AFTER realising that a long-planned career in medical science wasn’t for her, Emma Batchelor decided to give in to her love of fashion, follow her passion and create her own online magazine. The quarterly “Leiden” […]
“So many of the national institutions are permanently lit up after dark, and they look so beautiful and unexpected,” she says.
The collection, called Illuminate, includes patterns made with photos taken at Questacon, the National Film and Sound Archive and the National Museum of Australia.
“My husband and I drove around at night so I could get the images, with our three-year-old asleep in the back!” she says.
There are three fabric prints in the Illuminate collection – the Pathway dress in the National Museum print, which Yumi says is more obviously the museum with the orange loop, the Radiance dress in the coloured light print from the National Film and Sound Archive, and the Pillar dress in lucent blue from the torsional wave at Questacon.
Yumi says the label offers a variety of styles, including a T-shirt style dress and a crossover style in every collection, as well as skirts and scarves.
“None of the patterns are very obviously Canberra and I usually have to point it out to people,” she says.
“Once they see it, they love it and I like being able to show the beautiful things in Canberra in my designs.”
Yumi says she gets a lot of positive feedback to the dresses and that people say they like the connection to both the place and the designer.
“I’ve heard from politicians that they love wearing the dresses, because it becomes a talking point for them at events,” she says.
“Canberra gets dogged by outsiders but I love it – I was born in Calvary hospital and grew up here.”
Yumi completed her bachelor of design in 2007, when she says fashion design was more of a hobby in the background of her public service job.
“I quit my job after my son Asher was born in 2013, and I wanted to work on Zilpah Tart full time,” she says.
“It was great, but when I created my first collection I couldn’t quite find the fabric I was after.
“I felt what I used compromised my work and my design aesthetic, and unsurprisingly it didn’t sell well.”Yumi says that when she was working on her second collection, she had started digital printing and was able to create exactly what she was looking for.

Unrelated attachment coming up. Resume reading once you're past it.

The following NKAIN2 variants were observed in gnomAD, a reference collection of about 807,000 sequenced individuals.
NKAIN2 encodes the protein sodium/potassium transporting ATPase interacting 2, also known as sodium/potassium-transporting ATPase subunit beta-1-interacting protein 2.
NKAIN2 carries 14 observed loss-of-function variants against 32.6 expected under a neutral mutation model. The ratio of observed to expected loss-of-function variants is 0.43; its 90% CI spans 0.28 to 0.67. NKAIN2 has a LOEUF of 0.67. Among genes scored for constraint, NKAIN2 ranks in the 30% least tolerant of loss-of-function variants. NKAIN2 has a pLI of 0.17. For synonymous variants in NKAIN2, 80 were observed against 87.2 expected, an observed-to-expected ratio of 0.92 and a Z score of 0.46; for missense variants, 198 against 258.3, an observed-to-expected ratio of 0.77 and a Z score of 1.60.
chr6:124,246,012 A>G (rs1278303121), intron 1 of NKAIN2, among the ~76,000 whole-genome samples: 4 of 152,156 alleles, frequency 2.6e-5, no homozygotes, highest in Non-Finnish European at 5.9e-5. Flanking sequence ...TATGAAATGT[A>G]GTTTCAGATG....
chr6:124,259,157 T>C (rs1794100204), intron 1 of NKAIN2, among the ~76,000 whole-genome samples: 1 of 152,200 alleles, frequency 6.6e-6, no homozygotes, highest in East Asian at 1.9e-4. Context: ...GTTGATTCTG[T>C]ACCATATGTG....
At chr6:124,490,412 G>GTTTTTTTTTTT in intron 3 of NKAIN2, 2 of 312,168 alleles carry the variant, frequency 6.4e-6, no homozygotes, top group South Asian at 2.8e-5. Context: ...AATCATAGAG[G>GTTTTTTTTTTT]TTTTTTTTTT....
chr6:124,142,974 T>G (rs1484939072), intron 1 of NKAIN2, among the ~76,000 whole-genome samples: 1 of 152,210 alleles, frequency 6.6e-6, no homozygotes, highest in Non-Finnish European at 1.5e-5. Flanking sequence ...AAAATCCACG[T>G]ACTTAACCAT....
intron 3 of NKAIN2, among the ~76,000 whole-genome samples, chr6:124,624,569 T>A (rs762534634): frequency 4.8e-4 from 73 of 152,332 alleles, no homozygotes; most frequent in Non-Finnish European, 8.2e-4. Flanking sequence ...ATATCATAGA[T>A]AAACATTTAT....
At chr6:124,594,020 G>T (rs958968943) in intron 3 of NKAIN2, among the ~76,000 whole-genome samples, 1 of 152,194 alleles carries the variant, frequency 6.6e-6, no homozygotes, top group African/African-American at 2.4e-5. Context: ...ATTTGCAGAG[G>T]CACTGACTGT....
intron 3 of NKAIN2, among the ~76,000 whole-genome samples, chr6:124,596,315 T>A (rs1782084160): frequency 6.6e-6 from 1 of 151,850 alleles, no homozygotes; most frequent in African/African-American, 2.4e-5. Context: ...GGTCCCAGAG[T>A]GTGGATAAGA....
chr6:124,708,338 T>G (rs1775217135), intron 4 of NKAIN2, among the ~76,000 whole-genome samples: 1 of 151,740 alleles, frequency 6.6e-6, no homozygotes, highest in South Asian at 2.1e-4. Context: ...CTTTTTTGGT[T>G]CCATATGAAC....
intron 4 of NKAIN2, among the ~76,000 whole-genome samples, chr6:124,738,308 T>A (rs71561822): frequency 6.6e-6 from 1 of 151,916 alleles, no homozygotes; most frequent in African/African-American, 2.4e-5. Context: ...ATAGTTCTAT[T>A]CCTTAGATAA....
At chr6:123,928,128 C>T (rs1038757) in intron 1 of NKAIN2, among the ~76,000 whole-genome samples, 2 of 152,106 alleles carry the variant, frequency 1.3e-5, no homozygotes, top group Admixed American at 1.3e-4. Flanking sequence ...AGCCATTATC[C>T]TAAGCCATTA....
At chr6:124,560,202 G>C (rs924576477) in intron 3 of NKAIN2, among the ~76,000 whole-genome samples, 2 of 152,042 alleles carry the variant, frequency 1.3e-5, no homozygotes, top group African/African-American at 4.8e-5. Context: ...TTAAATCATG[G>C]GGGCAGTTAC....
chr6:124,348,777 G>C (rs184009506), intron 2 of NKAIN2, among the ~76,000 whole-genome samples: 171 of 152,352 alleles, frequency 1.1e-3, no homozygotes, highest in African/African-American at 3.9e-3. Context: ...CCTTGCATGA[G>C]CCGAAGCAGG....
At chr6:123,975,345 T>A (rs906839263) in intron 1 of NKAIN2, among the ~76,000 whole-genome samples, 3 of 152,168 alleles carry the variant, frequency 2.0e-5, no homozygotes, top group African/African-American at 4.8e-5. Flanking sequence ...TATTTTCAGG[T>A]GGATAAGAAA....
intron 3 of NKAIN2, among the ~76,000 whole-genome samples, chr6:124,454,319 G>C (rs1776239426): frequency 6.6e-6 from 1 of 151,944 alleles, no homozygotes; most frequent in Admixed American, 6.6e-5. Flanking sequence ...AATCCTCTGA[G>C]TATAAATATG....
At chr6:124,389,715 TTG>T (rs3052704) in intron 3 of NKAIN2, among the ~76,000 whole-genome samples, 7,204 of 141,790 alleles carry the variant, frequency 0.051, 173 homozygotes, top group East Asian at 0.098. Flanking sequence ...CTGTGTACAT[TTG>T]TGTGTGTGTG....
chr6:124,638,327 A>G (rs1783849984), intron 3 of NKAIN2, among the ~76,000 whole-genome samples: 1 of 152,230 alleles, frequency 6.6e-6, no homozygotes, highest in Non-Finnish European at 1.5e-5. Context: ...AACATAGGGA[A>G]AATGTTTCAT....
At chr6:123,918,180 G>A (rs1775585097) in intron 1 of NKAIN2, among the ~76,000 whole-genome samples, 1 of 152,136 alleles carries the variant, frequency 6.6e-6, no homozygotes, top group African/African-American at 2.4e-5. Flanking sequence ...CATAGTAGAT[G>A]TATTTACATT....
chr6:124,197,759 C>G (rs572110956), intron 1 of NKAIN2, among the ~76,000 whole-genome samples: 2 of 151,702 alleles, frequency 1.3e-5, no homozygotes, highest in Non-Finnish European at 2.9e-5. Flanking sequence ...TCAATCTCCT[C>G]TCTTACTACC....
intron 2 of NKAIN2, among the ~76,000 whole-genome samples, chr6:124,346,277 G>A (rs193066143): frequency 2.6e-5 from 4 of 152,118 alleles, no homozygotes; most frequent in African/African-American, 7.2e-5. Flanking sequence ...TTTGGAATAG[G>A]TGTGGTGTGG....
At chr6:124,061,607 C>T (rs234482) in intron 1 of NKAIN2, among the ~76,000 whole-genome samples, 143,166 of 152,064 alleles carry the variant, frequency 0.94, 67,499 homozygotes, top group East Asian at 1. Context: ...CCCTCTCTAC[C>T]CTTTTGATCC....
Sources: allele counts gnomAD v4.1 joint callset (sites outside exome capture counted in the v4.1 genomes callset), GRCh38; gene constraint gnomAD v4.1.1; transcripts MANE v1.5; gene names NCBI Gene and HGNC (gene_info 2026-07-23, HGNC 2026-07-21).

Yumi, who has exhibited at Fashfest, says she tweaks some prints more than others by flipping, repeating the pattern or grey-scaling the background to make the colours pop.
Previous collections have included a sunset print, Civic fountain, autumn foliage, hot air balloons and the wind farm.
“The wind farm print was particularly difficult, and it was hard to make it look good on a dress, but I made it more abstract with the exposure and filters and it worked,” she says.
“The print was actually bought for the Innovations Hub, which was exciting as I’d never seen it as an artwork but it looked great.
“Some are small prints with different pattern repeats and I enjoy working in photoshop until I create a design I’m happy with.”
Thinking about how the print falls on the body is really important, Yumi says.
“Straight lines and geometric designs can be hard, so I have to consider scale, the width of the print and where the bodice will sit,” she says.
“I love creating the prints and meeting my customers face to face, and they all say they get so many compliments when they wear the dresses.
“The dresses are comfortable, don’t need ironing and are easy care. I was never bothered about comfort until I had my young son and was constantly getting up and down from the floor! Now it’s a really important consideration.”
Zilpah Tart garments are available at zilpahtart.com.au, at Cardif Collective, Level 2, Cusack Centre, 27 Eyre Street, Kingston, and the Handmade Markets.